“Then Paul and Barnabas answered them boldly: ‘We had to speak the word of God to you first. Since you reject it and do not consider yourselves worthy of eternal life, we now turn to the Gentiles.” (Acts 13:46)
Paul and Barnabas were intending to expand the Christian Church and their focus was to be on the importance of sharing the truth of God’s expansion of His Church by sharing the Gospel message of salvation. There were attempting to reach out to pagan races, but were not being received, They rejected it and so they said they would simply focus on the Gentiles.
They and we are to remember who Jesus is and what He commanded us to do; to understand the essentials of the Gospel and to proclaim it to the world; to recognize how worldwide dimensions of our mission challenge; to refuse to let barriers and obstacles from preventing from preventing us from sharing the message of Christ; to reach out to all people in Chris’s name, regardless of race or social status; the recognize that God still wants to perform “signs and wonders” in our midst; to examine daily God’s Word so we can be more effective for Him. If we should do less than this, is to show prejudice towards other people, when it ought to reveal our commitment to serve God through Christ Jesus.
PRAYER FOR THE DAY:
Precious Abba, let us be ever vigilant to our efforts to share the message of salvation with all people, no matter their race or color or gender. Let us be led by Your Holy Spirit that is within us, to speak the truth to everyone, no matter where we are. This we pray. Amen
THOUGHT OF THE DAY:
“No force is greater than the poser of God.”
“On arriving there, they gathered the people together and reported all that God had done through them and how he had opened the door of faith in the Gentiles.” (Acts 14:27)
The church at Antioch received the message to send out missionaries. At the conclusion of the first missionary journey, the church gathered to hear how God opened the door of faith to the Gentiles. The local church should be involved in mission work far beyond its location. This means you should not interpret this as moving into a community and taking over someone else’s mission work, bur that we are to look around our own community first, to ensure we are taking care of the needs in our own community, while still help out mission work elsewhere.
“From one man he made every nation of men, that they should inhabit the whole earth; and he determined the times set for them and he exact places where they should live.” (Acts 17:26)
This verse has been used to defend racism on the grounds that certain ethnic groups should “go back to where they came from” or “stay where they belong.” The verse is part of the larger context of Paul’s sermon on Mars Hill dealing with the sovereignty of God. Thus, the primary discussion is God-centered or theological and not man-centered or anthropological. Rather than supporting God-ordained racial superiority, this verse portrays the encompassing love of God for all people. From creation onward wee share common characteristics as members of God’s created family. Creation joins us together rather than separates us.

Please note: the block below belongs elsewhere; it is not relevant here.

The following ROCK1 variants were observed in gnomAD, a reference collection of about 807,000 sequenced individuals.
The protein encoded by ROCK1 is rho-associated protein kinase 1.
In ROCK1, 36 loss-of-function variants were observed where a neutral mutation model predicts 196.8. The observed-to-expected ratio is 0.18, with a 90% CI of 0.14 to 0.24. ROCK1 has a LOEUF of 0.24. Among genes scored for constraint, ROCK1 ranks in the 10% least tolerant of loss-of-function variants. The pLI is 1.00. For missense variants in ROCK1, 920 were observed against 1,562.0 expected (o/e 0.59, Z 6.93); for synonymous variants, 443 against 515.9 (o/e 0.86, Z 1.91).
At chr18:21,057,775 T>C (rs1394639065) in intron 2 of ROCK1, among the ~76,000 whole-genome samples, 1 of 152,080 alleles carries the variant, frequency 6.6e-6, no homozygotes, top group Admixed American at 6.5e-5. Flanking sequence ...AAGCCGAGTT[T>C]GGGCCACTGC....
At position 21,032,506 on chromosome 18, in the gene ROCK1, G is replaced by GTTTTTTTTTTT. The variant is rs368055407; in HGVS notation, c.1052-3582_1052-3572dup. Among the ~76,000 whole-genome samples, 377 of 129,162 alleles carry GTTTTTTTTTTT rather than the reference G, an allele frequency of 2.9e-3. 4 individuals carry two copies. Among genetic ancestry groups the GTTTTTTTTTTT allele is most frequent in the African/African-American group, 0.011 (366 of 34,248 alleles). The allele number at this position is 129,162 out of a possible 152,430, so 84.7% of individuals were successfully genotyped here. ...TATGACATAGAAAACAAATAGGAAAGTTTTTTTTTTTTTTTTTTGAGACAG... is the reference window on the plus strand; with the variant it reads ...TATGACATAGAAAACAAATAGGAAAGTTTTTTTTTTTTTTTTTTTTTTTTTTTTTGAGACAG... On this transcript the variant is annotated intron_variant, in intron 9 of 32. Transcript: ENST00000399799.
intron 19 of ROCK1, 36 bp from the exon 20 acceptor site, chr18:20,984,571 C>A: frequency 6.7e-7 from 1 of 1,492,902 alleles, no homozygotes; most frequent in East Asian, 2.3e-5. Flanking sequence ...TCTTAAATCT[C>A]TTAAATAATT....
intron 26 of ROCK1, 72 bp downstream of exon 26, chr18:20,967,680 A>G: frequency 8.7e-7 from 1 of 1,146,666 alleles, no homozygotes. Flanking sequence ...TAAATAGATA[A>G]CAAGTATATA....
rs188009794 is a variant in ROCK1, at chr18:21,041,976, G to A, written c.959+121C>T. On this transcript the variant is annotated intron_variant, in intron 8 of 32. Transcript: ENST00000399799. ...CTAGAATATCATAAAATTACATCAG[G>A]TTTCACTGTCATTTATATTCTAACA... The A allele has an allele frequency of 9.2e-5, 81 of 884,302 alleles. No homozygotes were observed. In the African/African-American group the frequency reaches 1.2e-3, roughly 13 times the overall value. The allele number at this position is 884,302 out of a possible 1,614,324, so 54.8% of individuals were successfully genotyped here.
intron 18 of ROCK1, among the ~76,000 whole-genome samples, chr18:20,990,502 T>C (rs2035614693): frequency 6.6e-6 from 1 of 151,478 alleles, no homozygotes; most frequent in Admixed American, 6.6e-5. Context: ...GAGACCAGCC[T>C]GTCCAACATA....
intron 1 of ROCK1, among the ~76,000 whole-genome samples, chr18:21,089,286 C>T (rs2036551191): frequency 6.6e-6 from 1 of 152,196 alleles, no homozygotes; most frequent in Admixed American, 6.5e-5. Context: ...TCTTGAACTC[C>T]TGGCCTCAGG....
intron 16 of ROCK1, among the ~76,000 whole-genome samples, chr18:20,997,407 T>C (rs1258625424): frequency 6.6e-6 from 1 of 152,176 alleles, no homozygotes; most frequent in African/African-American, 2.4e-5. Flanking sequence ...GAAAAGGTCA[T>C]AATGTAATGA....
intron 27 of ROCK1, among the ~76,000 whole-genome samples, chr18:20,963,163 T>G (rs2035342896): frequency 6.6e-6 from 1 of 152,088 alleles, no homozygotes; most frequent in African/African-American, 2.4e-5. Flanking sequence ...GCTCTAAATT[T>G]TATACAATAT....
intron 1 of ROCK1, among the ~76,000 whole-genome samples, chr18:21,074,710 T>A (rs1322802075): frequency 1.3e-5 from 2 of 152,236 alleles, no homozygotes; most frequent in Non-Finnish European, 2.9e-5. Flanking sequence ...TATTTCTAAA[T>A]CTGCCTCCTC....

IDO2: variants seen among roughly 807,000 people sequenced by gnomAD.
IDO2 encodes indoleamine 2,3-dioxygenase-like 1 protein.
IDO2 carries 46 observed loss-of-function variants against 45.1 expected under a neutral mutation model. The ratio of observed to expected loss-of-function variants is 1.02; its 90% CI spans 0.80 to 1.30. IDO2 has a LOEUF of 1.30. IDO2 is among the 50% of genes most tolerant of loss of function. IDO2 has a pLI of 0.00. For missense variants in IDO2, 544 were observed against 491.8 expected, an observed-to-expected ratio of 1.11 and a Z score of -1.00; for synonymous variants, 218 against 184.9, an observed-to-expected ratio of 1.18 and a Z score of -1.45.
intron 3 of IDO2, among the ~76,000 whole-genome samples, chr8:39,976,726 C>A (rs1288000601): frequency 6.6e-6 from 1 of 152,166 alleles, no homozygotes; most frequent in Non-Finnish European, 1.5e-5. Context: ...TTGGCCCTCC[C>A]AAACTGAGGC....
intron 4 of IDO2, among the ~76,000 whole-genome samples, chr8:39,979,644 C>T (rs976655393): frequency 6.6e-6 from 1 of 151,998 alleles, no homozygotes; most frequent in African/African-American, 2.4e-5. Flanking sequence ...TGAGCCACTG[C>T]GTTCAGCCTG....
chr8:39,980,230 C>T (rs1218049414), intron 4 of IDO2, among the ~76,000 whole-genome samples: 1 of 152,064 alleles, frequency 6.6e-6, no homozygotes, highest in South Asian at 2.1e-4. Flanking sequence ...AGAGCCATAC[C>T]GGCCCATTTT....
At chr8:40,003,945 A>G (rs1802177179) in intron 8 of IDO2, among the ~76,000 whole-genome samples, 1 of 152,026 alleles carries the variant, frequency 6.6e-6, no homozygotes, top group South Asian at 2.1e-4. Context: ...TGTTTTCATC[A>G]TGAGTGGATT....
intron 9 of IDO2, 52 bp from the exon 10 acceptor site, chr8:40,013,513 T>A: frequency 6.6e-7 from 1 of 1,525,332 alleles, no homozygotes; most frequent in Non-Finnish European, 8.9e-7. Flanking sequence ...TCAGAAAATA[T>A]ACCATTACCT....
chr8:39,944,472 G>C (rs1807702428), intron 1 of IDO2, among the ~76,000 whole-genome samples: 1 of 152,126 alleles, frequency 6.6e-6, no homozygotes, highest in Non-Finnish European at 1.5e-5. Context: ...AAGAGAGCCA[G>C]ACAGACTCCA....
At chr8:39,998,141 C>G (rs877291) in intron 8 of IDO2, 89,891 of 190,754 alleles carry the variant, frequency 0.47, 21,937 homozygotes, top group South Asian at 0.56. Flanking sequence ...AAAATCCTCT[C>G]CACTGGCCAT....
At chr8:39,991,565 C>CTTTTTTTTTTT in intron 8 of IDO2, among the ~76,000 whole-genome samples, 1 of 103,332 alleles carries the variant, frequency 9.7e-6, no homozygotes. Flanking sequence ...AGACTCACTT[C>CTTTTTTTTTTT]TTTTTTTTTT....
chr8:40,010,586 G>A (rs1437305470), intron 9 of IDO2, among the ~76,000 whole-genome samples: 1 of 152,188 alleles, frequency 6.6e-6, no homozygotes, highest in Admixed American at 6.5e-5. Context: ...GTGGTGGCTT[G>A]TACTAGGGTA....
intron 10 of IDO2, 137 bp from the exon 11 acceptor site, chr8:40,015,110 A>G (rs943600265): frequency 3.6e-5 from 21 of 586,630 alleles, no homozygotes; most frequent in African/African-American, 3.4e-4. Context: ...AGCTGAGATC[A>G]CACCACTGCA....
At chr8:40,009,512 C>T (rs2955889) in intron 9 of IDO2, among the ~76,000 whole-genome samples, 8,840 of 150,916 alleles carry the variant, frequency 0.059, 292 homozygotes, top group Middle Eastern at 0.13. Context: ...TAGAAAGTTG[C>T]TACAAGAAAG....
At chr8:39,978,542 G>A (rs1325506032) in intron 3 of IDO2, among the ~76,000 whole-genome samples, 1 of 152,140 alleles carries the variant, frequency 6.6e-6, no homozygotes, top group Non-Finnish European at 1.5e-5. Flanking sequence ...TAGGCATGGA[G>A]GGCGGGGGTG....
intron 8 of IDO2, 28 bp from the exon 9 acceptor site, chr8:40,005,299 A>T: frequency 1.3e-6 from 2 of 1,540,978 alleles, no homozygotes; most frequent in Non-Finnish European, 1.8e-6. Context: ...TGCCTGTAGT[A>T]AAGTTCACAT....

2ND THOUGHT OF THE DAY:
“A teacher of the law asked Jesus what he must do to inherit eternal life. Jesus asked him what is written in the Law? He answered: ‘Love the Lord your God with all your heart and with all your soul and with all your strength and with all your mind;’ and, ‘Love your neighbor as yourself.’ In reply Jesus said: ‘A man was going down fro Jerusalem to Jericho, when he fell into the hands of robbers. They stripped him of his clothes, beat him and went away, leaving him half-dead. A priest happened to be going down the same road, and when he saw the man, he passed by on he other side. So too, a Levite, when he came to the place and saw him, passed by on the others side. But a Samaritan, as he traveled, came where the man was; and when he saw him and bandaged his wounds, pouring on oil and wine. Then he put the man on his own donkey, took him to an inn and cared for him. The next day he took out two silver coins and gave them to the innkeeper. ‘Look after him, he said, and when I return, I will reimburse you for any extra expense you may have.’ Which of these three do you think was a neighbor to the man who fell into the hands of robbers? The expert in the law replied, ‘The one who had mercy on him.’ Jesus told him, ‘Go and do likewise.’” (Luke 10:25, 30-37)
Anyone of us can come up with excuses for the priest or the Levite, probably good, logical reasons why they did not stop, but moved to the other side of the road and kept on going their way. The law expert was trying to test Jesus and He turned the whole example towards him. Have you ever seen someone in trouble and reached out to them to help them out of their situation? When asked by them to repay you, did you take it our just say something like, “Just help someone else sometime, that repayment enough.” In this case, the man had been set upon by robbers, stripped of his clothing, and beaten within an inch of his death. Two people came by, but simply crossed the road and continued you on, while the Samaritan stopped; give his the best first aid he could; put him on his donkey and then arriving at an inn, continues to meet his physical needs. In the morning he gives the innkeeper money and says, “I have to go on but I will come back and if you have any further expenses, I’ll repay you.’
The Samaritan finds the man almost dead, yet treats him as best as he can then puts him on the donkey to the inn. This man showed the man on the side of the road unconditional love and mercy and was attentive to his needs, never asking for anything in return.
“Love the Lord your God with all your heart and with all your soul and with all you strength and with all your mind;” and, “Love your neighbor as yourself.” “Do this and you will live.”